Claire of the Sea Light

Claire of the Sea LightAlthough marketed as a novel, Edwidge Danticat’s newest book reads more like a collection of linked stories. Each of the stories could stand almost entirely on its own, but together, the stories are more powerful than they would be apart.

The opening story tells of a 7-year-old girl named Claire Limyè Lanmè Faustin whose mother died when she was born and whose father is now trying to send her to a new home with the wealthy cloth vendor, Madame Gaëlle. But Claire disappears before the move can be finalized, and the book turns to other characters in the seaside town of Ville Rose in Haiti. Everyone in the town seems to know everyone else, and the local radio station, with its gossipy talk shows, shapes much of town life.

In each chapter, we get to know a different character and often come to see with fresh eyes situations previously depicted. The stories are not presented in chronological order, so the book jumps around in time. Often, events depicted in a later chapter transform the reader’s understanding of an earlier one. In that respect, the stories depend on each other for their power. Together, they also allow readers to see many different ways of coping with death and loss. There’s no single Haitian way. These characters are individual, and so are there stories.

Still, although I can see how the combination of perspectives makes each story more powerful, I found myself unable to engage with the book as a whole. It is, I’m sorry to say, one of those dreaded “meh” reads. There was nothing I could put my finger on as a problem, but I couldn’t bring myself to care a great deal about these people. I think the non-chronological order, together with the fragmented nature of the narrative, kept me from feeling immersed in the town’s overall story. I couldn’t keep enough of these people in my mind or watch their development over time. The story felt disjointed, even if the book is thematically coherent with its emphasis on death and loss.

I have read short story collections that I admire quite a lot, so the problem is not that these are stories where I wanted a novel. I think, for me, the issue may be that the book is neither a novel nor a short story collection, and therefore I couldn’t work out how to approach what I was reading. I like Danticat’s writing very much, but I’d be much quicker to recommend her first novel, Breath, Eyes, Memory, over this one.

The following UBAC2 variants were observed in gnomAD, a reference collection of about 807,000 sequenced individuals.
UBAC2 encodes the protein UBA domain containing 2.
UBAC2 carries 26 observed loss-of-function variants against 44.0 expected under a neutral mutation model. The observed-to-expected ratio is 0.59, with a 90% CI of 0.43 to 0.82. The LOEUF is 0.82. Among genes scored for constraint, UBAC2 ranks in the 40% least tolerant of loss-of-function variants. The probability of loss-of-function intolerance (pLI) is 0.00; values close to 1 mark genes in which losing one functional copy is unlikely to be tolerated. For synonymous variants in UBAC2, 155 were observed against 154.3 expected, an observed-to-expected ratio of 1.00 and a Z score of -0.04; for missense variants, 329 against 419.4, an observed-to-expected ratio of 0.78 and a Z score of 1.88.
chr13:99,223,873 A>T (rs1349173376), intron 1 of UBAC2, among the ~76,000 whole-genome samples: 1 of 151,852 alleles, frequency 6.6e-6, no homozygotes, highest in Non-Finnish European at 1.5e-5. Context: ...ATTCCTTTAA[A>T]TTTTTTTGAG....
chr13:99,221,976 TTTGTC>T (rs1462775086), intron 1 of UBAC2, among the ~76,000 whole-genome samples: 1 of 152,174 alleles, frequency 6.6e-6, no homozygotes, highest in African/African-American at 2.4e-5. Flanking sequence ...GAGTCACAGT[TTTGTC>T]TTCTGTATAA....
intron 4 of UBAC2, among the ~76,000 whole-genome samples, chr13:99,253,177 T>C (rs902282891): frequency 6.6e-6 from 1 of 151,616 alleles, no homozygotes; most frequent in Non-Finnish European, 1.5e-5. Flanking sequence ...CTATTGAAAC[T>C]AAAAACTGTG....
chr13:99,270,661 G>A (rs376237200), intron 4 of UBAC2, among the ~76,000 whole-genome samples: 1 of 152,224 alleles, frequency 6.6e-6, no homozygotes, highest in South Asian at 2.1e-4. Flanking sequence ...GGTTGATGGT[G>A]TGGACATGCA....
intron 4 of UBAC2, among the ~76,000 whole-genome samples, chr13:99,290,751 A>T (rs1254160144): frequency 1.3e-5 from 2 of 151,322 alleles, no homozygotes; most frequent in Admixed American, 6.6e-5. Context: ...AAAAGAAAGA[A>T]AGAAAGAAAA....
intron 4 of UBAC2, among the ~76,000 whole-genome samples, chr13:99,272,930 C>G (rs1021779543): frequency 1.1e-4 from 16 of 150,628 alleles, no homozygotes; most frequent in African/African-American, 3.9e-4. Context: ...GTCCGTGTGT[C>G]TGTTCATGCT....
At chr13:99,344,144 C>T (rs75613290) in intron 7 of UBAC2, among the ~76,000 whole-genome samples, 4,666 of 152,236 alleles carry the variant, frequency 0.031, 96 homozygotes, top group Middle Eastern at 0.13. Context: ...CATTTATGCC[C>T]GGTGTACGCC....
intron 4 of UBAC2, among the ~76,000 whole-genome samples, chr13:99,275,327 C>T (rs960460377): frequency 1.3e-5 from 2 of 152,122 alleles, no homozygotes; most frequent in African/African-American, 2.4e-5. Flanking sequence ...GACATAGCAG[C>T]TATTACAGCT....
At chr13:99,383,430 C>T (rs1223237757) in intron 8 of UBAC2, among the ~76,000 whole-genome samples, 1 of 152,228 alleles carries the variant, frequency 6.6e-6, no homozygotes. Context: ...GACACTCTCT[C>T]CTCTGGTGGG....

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11 Responses to Claire of the Sea Light

  1. Hi, Teresa. I read “Claire of the Sea Light” a few months ago, after reading “The Farming of Bones,” also by Dandicat, which I thought was excellent. Maybe Dandicat was taking a break from adult fiction, and writing a sort of serious YA novel with “Claire”? I mean, one which would handle some adult issues, but which would have the lightness of touch that many if not all YA novels have? I do know that I was able to do a post on “The Farming of Bones,” but when it came time to write on “Claire of the Sea Light,” I didn’t feel capable, somehow. I hated to admit that the fragmented structure and the back-and-forth time scheme and the same story part told from different perspectives bothered me: after all, these are all mainstays of the postmodern novel. But somehow, to put them all in the same novel, at least in the way they are put in “Claire,” doesn’t really work for me. I’m glad that someone else found it to be the same for them, and thank you for your review.

    • Sorry, that should be “Danticat.”

    • Teresa says:

      I wish I could figure out why her approach didn’t work for me because, as you say, it’s a common technique, and one I’ve seen used in many books that I liked very much. I think the problem is partly that it’s neither a short story collection nor a novel. Most of the stories don’t stand alone very well, but they aren’t tied together tightly enough to provide the forward momentum of a novel.

      And I, too, am glad to know someone else didn’t love this book. All the reviews I’d seen were raves.

  2. alenaslife says:

    I agree with you Teresa. The components should have worked, but I wasn’t moved.

    • Teresa, I think lots of times when people rave a book that isn’t the best a master can do, it’s really the master in general they’re “raving,” and not so much the individual effort. Alena, I almost wonder about the title itself, “Claire of the Sea Light.” In so many places, sea light seems clear (“claire”), and whitish-silver or silverly-golden, and in the dawns and dusks almost impartial, unemotional, speculative. I don’t mean to be overly poetical, but maybe that’s how she meant her book to be? Divorced from the emotions that should have gone along with the actual events and things she describes? Maybe that’s why you (as well as I) weren’t really moved. It’s a thought, perhaps.

      • alenaslife says:

        It’s a really interesting thought and a deeper thought than I considered. This is another reason I love blogging and the discussions that sometimes happen. Thanks for giving me another angle to think about.

      • Teresa says:

        I think it’s probably true that a lot of the raves were out of love of the author. I can also see how some might have gotten swept up in the language.

  3. I think Danticat’s sentences are lovely, but I think in the last analysis, she and I are just not suited to each other as a writer and reader. I read Breath, Eyes, Memory and started to read this — I dunno. Not enough plot for me.

  4. aartichapati says:

    A book I read recently that was a great collection of interlinked stories (not really a novel at all, though) was by Jabari Asim, A Taste of Honey. Maybe give it a try?

  5. Pingback: Book Review: Claire of the Sea Light by Edwidge Danticat (3/5) | Taking on a World of Words

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